If I were to do a clip for a single CR2032 battery, I’d need to have a zero-point 2.8mm from the board, to provide 0.2mm of displacement for the minimum 3.0mm battery thickness.

So now all I need to do is get some music wire and see if I can bend it by hand precisely enough to make prototype clips.  I’d probably change the spacing between the holes to be 0.3″ (7.62mm), so that I could test the clip on one of my existing PC boards.

Update 2014 July 6: I need to put an insulator on the verticals (heat shrink tubing?), or the top battery will be shorted out, since the side of the lower battery is exposed.


2014 May 21

Establishing the habit of writing

Filed under: Circuits course — gasstationwithoutpumps @ 09:19
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In Preparing for AP Physics 1: establishing the habit of writing Greg Jacobs writes

I’m in the infant stages of planning my AP Physics 1 course. The big trick is going to be establishing my students’ ability and willingness to write their reasoning, to get them to focus on communication rather than on getting a correct numerical answer. Once it’s clear that they are not taking a math course—once they see that the solution to a problem looks much more like what they’ve done in biology or economics than in calculus—I think the students will be able to move along quickly and enthusiastically through the material.

Students must get comfortable with calculation. However—as was correctly pointed out to me at the AP consultant meeting in April—if we start the course with lots of pure calculation, students will think that getting the answer is the holy grail of physics problems. If instead we begin the course demanding description, explanation, and all sorts of prose, students may become accepting of the idea that a numerical answer is merely the result of careful reasoning.

If this change in AP Physics actually works (something I’m always skeptical about in any curriculum reform, particularly at the high school level), it may help engineering students in college. Engineers do far more writing than most professions, with far less training at doing it.

I don’t think that a prompt that just says “In a clear, coherent, paragraph-length explanation, describe how you would figure out …” is going to do the trick, though. If they could already write clear, coherent paragraphs about how they would figure something out, then they would not need the curriculum change—they might not even need a physics class at the level of Physics 1.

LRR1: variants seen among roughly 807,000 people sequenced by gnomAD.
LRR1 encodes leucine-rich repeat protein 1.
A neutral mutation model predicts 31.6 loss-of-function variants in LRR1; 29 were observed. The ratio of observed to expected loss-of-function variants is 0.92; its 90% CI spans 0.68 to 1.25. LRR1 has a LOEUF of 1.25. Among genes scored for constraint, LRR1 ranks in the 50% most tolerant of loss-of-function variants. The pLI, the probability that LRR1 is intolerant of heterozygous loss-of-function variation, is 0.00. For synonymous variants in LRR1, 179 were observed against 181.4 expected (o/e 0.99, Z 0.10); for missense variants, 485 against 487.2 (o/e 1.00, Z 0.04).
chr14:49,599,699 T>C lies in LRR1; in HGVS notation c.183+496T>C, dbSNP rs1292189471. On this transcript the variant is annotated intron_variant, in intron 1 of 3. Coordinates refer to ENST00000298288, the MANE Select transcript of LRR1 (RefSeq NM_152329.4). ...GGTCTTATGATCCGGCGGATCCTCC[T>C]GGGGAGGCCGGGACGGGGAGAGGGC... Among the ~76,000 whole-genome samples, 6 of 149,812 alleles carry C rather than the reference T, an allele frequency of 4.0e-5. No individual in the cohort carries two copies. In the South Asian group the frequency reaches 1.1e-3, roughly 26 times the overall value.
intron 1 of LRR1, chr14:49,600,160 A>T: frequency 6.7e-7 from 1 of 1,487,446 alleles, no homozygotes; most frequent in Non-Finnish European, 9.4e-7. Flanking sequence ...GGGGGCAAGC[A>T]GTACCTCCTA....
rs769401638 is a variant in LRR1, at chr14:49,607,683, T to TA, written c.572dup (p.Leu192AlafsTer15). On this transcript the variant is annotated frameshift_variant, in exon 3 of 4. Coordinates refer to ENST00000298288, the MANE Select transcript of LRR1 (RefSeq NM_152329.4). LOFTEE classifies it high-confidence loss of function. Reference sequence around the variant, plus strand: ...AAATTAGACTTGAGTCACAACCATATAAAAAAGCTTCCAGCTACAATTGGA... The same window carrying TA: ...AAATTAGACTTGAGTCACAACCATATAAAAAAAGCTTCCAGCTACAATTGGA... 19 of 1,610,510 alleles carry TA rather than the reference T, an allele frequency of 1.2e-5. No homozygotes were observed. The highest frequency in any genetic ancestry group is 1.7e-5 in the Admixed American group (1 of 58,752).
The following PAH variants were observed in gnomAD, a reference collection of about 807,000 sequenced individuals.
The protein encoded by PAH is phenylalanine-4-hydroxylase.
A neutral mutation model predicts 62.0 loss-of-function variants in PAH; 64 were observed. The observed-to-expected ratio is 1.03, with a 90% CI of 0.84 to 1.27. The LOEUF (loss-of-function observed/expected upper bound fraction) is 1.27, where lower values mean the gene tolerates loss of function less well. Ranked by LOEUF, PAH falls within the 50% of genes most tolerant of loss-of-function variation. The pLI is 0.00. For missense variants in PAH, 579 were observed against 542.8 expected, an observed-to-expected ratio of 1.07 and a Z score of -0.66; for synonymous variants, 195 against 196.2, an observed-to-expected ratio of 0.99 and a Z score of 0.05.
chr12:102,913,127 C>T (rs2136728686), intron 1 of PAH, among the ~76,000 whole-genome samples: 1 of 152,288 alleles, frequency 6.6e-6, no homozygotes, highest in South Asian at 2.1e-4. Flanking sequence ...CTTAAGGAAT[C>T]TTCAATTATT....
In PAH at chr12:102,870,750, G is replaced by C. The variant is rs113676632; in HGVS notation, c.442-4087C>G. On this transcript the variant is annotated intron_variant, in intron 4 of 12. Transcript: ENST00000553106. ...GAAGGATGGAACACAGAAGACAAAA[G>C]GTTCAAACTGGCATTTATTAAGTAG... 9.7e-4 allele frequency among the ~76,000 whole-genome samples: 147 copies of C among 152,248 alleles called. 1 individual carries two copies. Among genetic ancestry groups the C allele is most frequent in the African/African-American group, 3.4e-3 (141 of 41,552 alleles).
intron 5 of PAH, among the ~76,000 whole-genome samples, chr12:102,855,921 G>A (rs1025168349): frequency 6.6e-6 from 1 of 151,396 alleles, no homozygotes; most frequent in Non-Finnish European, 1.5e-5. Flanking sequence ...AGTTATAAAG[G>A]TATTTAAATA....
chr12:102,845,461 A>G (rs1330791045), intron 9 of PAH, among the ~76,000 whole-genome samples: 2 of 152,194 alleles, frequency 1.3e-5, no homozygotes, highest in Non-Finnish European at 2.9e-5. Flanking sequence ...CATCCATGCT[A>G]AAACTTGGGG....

I’m struggling with this problem in my applied circuits course, in which I require weekly design reports for the circuits they design and build. The students are staying in lab until they finish the designs and demo them, so they are clearly capable of doing the work (though not always as quickly as they should). But only a few students can explain their computations for the design parameters (like gain, corner frequency, and component values) clearly—others put down any nonsense that has a few of the right buzzwords in it.

The top students have gotten better at their explanations as a result of feedback, but the bottom students are still often producing word salad. Although there is some indication of a general writing problem (lack of topic sentences, poor grammar, and misused vocabulary), the problem is most pronounced when they are trying to explain how they selected component values. The more steps that there are in the underlying math, the more jumbled their explanations, even if the problem is just a chain of multiplications.

From time to time, I’ve suspected that the students don’t produce coherent sentences about how they computed something may not have actually done the computation, but “borrowed” the result.  This is not an explanation I believe in strongly, though, as the students have been (mostly) coming up with different solutions to the design tasks, so there isn’t simple copying going on. I’ve also seen the design process the students use, as they have been doing their pre-lab work in lab (instead of at home), so I hear them discussing the problems.  They do ask each other not just what answer they got, but how to get the answers, so they are trying to learn the method.

In looking at the pre-lab homeworks that were turned in on Monday I realized what part of the problem is—the students keep absolutely awful design notes. What the students turned in on Monday (even the top students) was mostly incomprehensible scribbling of numbers, with no indication where the numbers come from or what they were attempting to compute.  Half an hour after writing down the notes, I’m pretty sure that they could not reconstruct their reasoning—hence the often magical methods in their design reports, where they copy numbers out of their notes (some of which are correct), but can’t put together a coherent chain of reasoning that leads to those numbers. On the long multi-step computations needed to figure out what gain an amplifier needs, they can usually do each step (though often needing coaching on one or two of the steps, either by me or by one of the better students in the course), but they don’t record the meaning of each step or even what the sequence of steps is, and the “answer-getting” mentality causes them to flush the process from their minds as soon as they have a number.